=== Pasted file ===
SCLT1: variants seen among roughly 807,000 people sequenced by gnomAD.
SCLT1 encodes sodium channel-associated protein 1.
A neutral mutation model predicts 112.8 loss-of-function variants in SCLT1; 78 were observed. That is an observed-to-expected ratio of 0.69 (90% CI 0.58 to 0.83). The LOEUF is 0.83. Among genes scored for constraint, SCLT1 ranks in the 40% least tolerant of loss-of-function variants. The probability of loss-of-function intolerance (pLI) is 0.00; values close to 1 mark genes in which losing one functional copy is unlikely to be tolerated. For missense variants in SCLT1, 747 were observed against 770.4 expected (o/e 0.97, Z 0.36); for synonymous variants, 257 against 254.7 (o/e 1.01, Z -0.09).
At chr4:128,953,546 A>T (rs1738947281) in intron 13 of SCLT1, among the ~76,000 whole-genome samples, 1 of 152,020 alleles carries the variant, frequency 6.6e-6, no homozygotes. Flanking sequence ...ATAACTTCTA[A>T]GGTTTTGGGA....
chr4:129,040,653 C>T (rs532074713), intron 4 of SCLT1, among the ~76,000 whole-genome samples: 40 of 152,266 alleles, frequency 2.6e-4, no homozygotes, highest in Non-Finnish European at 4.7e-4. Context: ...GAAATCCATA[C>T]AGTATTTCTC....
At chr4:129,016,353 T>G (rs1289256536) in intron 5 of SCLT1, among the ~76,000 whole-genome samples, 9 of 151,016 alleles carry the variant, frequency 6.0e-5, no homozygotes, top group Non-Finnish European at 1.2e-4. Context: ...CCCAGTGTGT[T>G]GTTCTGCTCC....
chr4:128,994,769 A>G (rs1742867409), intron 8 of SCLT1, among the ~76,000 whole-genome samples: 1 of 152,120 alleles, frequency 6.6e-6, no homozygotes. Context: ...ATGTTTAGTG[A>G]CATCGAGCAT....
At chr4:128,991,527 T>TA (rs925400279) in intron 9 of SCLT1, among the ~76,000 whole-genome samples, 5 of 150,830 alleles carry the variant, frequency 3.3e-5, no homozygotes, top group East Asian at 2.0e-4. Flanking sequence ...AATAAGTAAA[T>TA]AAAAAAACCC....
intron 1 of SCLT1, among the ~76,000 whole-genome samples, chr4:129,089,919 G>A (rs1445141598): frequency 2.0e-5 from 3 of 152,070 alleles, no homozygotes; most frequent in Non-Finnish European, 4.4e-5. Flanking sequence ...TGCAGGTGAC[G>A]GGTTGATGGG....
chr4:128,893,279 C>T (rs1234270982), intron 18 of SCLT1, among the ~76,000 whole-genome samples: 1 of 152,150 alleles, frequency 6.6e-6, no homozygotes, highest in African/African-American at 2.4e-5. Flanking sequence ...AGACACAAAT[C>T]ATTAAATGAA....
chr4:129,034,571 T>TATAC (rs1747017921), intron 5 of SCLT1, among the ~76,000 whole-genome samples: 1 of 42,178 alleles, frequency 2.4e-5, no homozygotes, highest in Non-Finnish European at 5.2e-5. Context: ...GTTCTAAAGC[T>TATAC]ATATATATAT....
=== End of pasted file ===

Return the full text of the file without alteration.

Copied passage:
SCLT1: variants seen among roughly 807,000 people sequenced by gnomAD.
SCLT1 encodes sodium channel-associated protein 1.
A neutral mutation model predicts 112.8 loss-of-function variants in SCLT1; 78 were observed. That is an observed-to-expected ratio of 0.69 (90% CI 0.58 to 0.83). The LOEUF is 0.83. Among genes scored for constraint, SCLT1 ranks in the 40% least tolerant of loss-of-function variants. The probability of loss-of-function intolerance (pLI) is 0.00; values close to 1 mark genes in which losing one functional copy is unlikely to be tolerated. For missense variants in SCLT1, 747 were observed against 770.4 expected (o/e 0.97, Z 0.36); for synonymous variants, 257 against 254.7 (o/e 1.01, Z -0.09).
At chr4:128,953,546 A>T (rs1738947281) in intron 13 of SCLT1, among the ~76,000 whole-genome samples, 1 of 152,020 alleles carries the variant, frequency 6.6e-6, no homozygotes. Flanking sequence ...ATAACTTCTA[A>T]GGTTTTGGGA....
chr4:129,040,653 C>T (rs532074713), intron 4 of SCLT1, among the ~76,000 whole-genome samples: 40 of 152,266 alleles, frequency 2.6e-4, no homozygotes, highest in Non-Finnish European at 4.7e-4. Context: ...GAAATCCATA[C>T]AGTATTTCTC....
At chr4:129,016,353 T>G (rs1289256536) in intron 5 of SCLT1, among the ~76,000 whole-genome samples, 9 of 151,016 alleles carry the variant, frequency 6.0e-5, no homozygotes, top group Non-Finnish European at 1.2e-4. Context: ...CCCAGTGTGT[T>G]GTTCTGCTCC....
chr4:128,994,769 A>G (rs1742867409), intron 8 of SCLT1, among the ~76,000 whole-genome samples: 1 of 152,120 alleles, frequency 6.6e-6, no homozygotes. Context: ...ATGTTTAGTG[A>G]CATCGAGCAT....
At chr4:128,991,527 T>TA (rs925400279) in intron 9 of SCLT1, among the ~76,000 whole-genome samples, 5 of 150,830 alleles carry the variant, frequency 3.3e-5, no homozygotes, top group East Asian at 2.0e-4. Flanking sequence ...AATAAGTAAA[T>TA]AAAAAAACCC....
intron 1 of SCLT1, among the ~76,000 whole-genome samples, chr4:129,089,919 G>A (rs1445141598): frequency 2.0e-5 from 3 of 152,070 alleles, no homozygotes; most frequent in Non-Finnish European, 4.4e-5. Flanking sequence ...TGCAGGTGAC[G>A]GGTTGATGGG....
chr4:128,893,279 C>T (rs1234270982), intron 18 of SCLT1, among the ~76,000 whole-genome samples: 1 of 152,150 alleles, frequency 6.6e-6, no homozygotes, highest in African/African-American at 2.4e-5. Flanking sequence ...AGACACAAAT[C>T]ATTAAATGAA....
chr4:129,034,571 T>TATAC (rs1747017921), intron 5 of SCLT1, among the ~76,000 whole-genome samples: 1 of 42,178 alleles, frequency 2.4e-5, no homozygotes, highest in Non-Finnish European at 5.2e-5. Context: ...GTTCTAAAGC[T>TATAC]ATATATATAT....